San Francisco's drug, homeless crises exposed by citizen journalists

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The human misery and squalor on the streets of San Francisco has fed up residents who have taken to Twitter, posting grim and graphic images that spotlight problems they say are only getting worse.

“It’s my city, my home. I love it. And to see it destroyed like this is just devastating,” says Erica Sandberg, who calls herself an “SF War Correspondent” on her Twitter page. 

Armed with her cell phone and a sense of purpose, she chronicles the decay and drug use along San Francisco’s famed Market Street, just steps from the city-run Tenderloin Center that claims to address these very problems. 

Sanberg then tweets images she says convey a reality beyond what local media show. When Fox News traveled with her Oct. 3, she was highlighting drug use and homeless tents outside a bus shelter and subway elevator.

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A San Francisco bus stop crowded with homeless people.

A San Francisco bus stop crowded with homeless people.
(@EricaJSandberg/Twitter)

“Good, safe, clean public transportation is essential to a functioning city,” she tweeted that day. “Inviting, isn’t it?” Her post also called out the city’s transportation chief and his six-figure salary. 

Sandberg and others have filled Twitter with grim pictures aiming to raise awareness and pressure city officials to clean things up. Many posts show open-air drug use and drug dealing and spotlight the city’s focus on harm reduction over mandated treatment programs.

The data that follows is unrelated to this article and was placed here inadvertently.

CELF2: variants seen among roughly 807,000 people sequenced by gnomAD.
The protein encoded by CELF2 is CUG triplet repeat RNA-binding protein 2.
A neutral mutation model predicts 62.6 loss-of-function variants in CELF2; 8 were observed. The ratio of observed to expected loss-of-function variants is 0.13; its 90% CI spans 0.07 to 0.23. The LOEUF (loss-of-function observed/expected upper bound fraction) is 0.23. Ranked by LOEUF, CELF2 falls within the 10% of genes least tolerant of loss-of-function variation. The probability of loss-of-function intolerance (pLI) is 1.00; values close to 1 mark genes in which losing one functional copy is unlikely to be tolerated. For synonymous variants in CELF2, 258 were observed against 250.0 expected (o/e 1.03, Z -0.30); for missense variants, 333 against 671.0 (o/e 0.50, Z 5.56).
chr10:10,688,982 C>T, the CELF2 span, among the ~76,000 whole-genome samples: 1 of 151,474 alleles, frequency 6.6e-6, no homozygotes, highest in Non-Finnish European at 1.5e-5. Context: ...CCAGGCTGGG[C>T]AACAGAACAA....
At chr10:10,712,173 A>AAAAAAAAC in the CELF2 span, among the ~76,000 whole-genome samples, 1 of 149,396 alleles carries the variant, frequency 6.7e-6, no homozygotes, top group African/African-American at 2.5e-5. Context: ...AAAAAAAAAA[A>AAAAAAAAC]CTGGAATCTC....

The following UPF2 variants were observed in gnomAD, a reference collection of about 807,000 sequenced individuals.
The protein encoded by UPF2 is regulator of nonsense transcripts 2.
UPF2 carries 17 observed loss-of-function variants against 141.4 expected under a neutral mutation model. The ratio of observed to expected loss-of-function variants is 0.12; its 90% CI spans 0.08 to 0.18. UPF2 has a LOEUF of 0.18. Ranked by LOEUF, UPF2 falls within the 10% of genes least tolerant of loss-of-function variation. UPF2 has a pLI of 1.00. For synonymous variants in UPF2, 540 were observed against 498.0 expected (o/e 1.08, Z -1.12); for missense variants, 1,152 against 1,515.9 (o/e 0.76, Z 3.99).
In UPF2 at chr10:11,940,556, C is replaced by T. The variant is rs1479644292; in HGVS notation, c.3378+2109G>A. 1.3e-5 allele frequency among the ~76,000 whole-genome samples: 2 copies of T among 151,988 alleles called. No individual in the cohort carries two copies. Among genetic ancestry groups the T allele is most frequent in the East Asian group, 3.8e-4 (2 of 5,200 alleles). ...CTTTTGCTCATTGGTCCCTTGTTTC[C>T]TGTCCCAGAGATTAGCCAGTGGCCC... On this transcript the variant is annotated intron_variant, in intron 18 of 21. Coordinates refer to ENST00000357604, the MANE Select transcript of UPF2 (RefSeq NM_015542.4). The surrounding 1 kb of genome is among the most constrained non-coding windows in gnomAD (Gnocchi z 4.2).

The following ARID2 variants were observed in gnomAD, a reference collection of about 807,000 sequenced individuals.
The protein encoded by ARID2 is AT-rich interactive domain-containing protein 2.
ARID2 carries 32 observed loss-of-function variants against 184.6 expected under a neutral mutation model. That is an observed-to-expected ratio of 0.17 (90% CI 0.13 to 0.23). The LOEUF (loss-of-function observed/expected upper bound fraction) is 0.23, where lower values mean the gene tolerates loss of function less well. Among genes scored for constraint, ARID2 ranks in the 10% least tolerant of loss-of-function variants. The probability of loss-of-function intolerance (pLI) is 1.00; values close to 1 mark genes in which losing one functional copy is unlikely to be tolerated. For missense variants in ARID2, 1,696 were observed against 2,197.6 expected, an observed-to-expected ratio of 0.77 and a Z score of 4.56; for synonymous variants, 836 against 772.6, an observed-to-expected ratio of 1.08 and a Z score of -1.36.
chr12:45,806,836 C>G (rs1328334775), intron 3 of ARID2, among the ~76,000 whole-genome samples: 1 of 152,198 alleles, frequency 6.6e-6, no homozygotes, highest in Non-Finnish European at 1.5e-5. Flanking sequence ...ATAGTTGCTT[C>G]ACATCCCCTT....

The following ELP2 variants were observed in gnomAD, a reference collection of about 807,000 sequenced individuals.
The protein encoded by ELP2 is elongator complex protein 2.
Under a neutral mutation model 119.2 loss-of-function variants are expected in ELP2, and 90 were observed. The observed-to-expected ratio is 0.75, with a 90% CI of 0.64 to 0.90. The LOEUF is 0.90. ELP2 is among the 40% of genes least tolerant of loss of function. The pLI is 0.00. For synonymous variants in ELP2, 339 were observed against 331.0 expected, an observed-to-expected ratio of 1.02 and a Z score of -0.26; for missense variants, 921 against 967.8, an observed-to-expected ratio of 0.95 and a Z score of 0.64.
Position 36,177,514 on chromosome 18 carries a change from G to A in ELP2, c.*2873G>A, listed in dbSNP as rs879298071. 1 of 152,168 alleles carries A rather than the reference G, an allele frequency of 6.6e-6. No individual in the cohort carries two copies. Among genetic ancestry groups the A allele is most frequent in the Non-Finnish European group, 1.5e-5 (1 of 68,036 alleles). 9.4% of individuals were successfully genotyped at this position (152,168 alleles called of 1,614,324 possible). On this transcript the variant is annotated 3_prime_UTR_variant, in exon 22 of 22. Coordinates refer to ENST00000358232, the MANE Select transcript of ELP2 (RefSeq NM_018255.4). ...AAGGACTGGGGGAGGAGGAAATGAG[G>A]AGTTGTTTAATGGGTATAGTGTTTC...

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An elevator for disabled people to access trains has been closed due to the homeless drug crisis.

An elevator for disabled people to access trains has been closed due to the homeless drug crisis.
(@EricaJSandberg/Twitter)

But advocates for the homeless criticize these posts. In an email to Fox News, a spokeswoman with the San Francisco Coalition on Homelessness said that “taking pictures of someone who likely is experiencing the worst time in their lives and then shaming them publicly can only hurt their chances of leaving it behind, as social media tends to follow people around.”

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But, according to Sandberg, “The most ethical thing you can do is to shine a light on the actual situation. To turn your back and to say it’s not happening, or I’m not going to take a picture of this, videos of this, I’m not going to share it … What that does, it hides it. It pushes everything under the rug. And then they don’t get what they need. So it’s wrong. It’s wrong *not* to show it.”

San Francisco bus stop crowded by homeless people.

San Francisco bus stop crowded by homeless people.
(@EricaJSandberg/Twitter)

Another citizen journalist who has 17,000 followers doesn’t plan to stop either. Her Twitter page is called “Jenny, Girl from Fourth World,” because, she says, conditions in San Francisco are beyond Third World.

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“Some of my Twitter posts,” Jenny said, “I get a lot of angry feedback. ‘How dare you film,’ whatever, and I’m just like, ‘Well, it’s a public street! If they can be sleeping here, and I’m walking here, why can’t I film it?'”

These Twitter users say that the future of the City By The Bay is at stake. They say that by showing the unedited, unfiltered truth about what’s happening, their thousands of followers will be better informed and engaged.



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